To the researcher’s shock, the fish injected with an acidic base migrated over to the barren chamber and remained there, going against their instinct to remain in an enriched environment. The experiment was repeated several times and the researchers concluded that fish indeed can feel pain.
Sentience is formally described as the ability to feel, perceive and experience subjectively. This means that something can have a “good” experience or a “bad” experience. A sentient animal may prefer a certain environment, food or condition; beyond what they need biologically to survive. An animal is either sentient or it’s not, there is no in-between. The ability to feel pain and by extension pleasure, is included in most modern definitions of sentience. Determining if an animal is in fact sentient, is also the foundation of animal welfare and ethics laws in the first-world.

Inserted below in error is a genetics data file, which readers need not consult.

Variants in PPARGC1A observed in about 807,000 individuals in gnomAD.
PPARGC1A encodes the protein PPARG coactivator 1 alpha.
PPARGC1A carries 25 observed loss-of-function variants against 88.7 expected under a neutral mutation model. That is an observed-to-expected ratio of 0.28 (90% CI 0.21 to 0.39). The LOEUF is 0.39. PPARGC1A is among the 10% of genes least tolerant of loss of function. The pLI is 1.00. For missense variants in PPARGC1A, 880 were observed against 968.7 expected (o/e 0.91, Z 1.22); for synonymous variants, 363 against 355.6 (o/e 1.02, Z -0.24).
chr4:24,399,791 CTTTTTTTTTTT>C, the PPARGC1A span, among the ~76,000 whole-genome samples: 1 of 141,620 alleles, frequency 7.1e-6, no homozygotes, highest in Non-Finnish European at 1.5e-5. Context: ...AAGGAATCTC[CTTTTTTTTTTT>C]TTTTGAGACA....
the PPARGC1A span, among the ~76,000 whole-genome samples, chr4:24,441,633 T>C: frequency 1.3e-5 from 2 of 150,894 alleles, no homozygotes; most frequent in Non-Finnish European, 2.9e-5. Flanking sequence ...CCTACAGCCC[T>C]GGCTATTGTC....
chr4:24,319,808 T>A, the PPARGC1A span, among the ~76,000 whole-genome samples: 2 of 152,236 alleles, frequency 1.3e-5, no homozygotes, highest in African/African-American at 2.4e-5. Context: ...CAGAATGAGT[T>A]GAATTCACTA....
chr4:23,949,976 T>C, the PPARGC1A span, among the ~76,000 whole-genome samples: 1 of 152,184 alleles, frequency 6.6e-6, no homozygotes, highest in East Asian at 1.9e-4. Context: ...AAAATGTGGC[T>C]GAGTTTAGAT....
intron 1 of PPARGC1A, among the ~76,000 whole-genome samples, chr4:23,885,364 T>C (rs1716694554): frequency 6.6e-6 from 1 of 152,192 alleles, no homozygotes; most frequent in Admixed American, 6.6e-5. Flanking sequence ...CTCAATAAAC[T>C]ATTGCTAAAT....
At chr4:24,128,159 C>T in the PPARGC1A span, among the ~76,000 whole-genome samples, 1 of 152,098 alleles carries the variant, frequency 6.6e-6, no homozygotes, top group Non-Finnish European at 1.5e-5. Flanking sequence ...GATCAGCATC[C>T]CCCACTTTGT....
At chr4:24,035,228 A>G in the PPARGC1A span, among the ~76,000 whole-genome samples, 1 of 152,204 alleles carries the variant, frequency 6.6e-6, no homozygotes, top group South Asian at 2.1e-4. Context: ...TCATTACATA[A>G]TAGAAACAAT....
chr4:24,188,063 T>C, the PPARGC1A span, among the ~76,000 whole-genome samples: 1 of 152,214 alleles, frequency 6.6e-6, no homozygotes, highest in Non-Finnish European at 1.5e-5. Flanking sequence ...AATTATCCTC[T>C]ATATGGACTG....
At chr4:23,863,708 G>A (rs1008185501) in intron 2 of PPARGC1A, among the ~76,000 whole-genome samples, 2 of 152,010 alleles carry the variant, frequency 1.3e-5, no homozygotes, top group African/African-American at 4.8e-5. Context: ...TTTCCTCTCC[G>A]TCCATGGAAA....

The study completed in the UK showed researchers that fish both have preferred environments and conditions and also have the capacity to feel pain along with the desire to have that pain remedied. As aquarists we often watch as fish select a favorite rock, recognize us at feeding time and seemingly make conscious choices about how to explore their environment. This combined with data collected in the UK may very well indicate that fish are in fact sentient.
Fish recognize people:
A recent study uncovered fishes’ ability to recognize human faces. Often this recognition came when a face was combined with positive stimuli, such as feeding. Surprisingly, the study also found that fish react to other positive stimuli, even when that stimuli has nothing to do with basic survival needs. It was found fish recognized divers who rubbed their backs and stomachs, sending them into an apparent state of euphoria. Divers that commonly interacted with the fish physically, would be approached by the same specimens on return trips to the fishes’ native territories.
Use of the lateral line: